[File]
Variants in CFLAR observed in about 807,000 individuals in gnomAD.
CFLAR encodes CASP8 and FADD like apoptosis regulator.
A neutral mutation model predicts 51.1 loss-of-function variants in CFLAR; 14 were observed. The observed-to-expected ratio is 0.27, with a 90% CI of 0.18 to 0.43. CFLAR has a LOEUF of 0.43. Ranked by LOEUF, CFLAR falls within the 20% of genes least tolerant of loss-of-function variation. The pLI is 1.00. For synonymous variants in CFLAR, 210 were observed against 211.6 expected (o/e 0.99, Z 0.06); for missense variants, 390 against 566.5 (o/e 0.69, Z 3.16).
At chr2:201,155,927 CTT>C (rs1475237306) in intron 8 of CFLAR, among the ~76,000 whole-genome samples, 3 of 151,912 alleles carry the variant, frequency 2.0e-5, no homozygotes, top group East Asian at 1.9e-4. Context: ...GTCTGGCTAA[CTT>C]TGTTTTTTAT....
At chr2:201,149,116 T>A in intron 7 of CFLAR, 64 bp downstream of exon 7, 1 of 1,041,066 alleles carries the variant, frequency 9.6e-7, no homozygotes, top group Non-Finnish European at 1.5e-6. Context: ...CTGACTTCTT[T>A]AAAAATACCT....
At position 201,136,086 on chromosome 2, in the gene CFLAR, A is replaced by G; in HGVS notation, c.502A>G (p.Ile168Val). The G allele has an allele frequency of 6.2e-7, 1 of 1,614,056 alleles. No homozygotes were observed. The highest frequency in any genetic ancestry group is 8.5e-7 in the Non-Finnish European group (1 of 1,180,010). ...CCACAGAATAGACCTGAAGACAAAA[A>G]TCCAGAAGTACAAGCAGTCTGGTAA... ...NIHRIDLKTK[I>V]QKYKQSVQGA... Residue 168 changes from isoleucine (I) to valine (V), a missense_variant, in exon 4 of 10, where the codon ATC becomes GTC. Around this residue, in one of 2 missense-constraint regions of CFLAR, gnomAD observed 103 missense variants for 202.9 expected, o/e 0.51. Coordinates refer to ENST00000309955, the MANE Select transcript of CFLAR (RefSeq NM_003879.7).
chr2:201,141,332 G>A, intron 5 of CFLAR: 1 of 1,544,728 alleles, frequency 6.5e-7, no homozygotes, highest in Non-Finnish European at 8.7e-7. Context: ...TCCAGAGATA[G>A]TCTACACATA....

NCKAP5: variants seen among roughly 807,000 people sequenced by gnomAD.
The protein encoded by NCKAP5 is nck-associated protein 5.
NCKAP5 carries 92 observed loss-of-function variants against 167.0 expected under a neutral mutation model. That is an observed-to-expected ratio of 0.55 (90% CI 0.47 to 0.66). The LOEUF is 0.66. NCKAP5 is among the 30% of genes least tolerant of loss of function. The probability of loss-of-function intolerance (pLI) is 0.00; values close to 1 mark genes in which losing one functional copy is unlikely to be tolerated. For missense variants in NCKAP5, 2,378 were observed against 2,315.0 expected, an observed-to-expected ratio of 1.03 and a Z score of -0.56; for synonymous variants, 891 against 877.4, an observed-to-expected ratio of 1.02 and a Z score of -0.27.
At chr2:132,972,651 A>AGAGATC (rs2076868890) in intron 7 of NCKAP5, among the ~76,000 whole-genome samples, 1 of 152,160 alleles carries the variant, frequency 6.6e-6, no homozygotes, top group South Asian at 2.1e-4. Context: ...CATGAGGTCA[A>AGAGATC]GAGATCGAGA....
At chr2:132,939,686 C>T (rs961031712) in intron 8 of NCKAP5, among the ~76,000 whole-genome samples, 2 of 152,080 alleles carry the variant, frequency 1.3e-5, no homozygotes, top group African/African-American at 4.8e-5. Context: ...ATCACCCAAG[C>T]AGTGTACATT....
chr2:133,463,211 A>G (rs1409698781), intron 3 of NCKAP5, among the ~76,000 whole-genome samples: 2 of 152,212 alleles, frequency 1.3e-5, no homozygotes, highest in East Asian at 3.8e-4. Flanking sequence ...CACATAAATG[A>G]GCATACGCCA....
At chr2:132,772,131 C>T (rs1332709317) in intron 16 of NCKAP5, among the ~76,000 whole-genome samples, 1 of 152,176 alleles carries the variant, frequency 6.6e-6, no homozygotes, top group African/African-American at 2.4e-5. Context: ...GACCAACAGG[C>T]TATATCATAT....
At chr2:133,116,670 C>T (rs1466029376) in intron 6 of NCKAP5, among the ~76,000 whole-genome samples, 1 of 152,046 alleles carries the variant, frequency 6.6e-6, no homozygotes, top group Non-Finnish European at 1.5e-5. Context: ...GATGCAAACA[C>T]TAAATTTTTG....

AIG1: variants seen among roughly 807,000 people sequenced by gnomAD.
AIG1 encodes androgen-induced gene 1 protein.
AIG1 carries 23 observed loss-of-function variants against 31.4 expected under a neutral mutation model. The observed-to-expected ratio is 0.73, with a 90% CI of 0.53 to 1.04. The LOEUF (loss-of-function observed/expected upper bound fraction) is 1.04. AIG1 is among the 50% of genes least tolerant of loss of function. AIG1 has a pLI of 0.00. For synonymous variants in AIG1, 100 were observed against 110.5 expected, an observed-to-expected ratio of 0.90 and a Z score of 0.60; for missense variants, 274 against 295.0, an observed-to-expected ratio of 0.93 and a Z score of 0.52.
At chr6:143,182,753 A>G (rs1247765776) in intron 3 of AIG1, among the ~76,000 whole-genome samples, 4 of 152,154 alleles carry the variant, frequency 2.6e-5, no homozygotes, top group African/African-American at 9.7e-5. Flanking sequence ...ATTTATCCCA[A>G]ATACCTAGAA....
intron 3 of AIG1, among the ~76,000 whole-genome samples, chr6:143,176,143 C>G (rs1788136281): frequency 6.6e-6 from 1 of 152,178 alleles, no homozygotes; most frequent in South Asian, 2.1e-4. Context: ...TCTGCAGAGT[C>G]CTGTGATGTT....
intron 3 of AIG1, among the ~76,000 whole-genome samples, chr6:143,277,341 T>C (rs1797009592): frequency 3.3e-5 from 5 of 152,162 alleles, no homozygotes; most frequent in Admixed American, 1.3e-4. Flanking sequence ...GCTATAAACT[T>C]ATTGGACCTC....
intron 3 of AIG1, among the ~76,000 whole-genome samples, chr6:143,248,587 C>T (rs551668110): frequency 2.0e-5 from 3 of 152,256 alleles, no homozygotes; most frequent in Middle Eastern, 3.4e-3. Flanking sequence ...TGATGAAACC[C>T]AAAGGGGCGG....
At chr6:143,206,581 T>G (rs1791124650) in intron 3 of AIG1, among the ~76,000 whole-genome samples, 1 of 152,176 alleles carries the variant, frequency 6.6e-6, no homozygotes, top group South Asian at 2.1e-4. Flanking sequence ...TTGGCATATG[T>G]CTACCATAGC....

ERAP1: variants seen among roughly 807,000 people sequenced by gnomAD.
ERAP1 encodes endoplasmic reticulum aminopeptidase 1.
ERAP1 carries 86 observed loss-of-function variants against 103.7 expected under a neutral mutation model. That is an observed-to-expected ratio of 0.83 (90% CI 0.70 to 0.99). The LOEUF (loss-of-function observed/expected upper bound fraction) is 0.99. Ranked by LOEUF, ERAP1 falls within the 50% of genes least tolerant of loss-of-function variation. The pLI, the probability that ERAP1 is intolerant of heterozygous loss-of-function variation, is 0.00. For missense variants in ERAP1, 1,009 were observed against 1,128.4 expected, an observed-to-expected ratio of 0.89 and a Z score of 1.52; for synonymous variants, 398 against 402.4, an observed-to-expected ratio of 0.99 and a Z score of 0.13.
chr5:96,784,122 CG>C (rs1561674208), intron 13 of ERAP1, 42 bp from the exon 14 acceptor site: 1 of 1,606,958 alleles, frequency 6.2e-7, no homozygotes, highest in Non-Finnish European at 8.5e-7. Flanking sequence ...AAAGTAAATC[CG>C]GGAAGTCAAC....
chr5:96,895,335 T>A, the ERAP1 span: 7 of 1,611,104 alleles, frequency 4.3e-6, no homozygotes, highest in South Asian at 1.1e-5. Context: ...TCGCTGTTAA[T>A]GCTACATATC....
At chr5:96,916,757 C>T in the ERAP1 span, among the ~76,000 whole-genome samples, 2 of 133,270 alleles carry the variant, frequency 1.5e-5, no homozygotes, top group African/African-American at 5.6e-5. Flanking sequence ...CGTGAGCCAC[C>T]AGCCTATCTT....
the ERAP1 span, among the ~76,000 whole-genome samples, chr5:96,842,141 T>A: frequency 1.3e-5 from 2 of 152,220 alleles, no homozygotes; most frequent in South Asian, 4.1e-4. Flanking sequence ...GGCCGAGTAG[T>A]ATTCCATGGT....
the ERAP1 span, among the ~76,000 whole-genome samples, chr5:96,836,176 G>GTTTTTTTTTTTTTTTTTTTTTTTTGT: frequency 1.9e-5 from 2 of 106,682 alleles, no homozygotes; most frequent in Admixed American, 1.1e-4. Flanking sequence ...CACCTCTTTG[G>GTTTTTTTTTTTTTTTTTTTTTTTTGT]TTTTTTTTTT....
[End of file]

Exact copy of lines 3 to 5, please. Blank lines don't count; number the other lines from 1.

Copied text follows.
A neutral mutation model predicts 51.1 loss-of-function variants in CFLAR; 14 were observed. The observed-to-expected ratio is 0.27, with a 90% CI of 0.18 to 0.43. CFLAR has a LOEUF of 0.43. Ranked by LOEUF, CFLAR falls within the 20% of genes least tolerant of loss-of-function variation. The pLI is 1.00. For synonymous variants in CFLAR, 210 were observed against 211.6 expected (o/e 0.99, Z 0.06); for missense variants, 390 against 566.5 (o/e 0.69, Z 3.16).
At chr2:201,155,927 CTT>C (rs1475237306) in intron 8 of CFLAR, among the ~76,000 whole-genome samples, 3 of 151,912 alleles carry the variant, frequency 2.0e-5, no homozygotes, top group East Asian at 1.9e-4. Context: ...GTCTGGCTAA[CTT>C]TGTTTTTTAT....
At chr2:201,149,116 T>A in intron 7 of CFLAR, 64 bp downstream of exon 7, 1 of 1,041,066 alleles carries the variant, frequency 9.6e-7, no homozygotes, top group Non-Finnish European at 1.5e-6. Context: ...CTGACTTCTT[T>A]AAAAATACCT....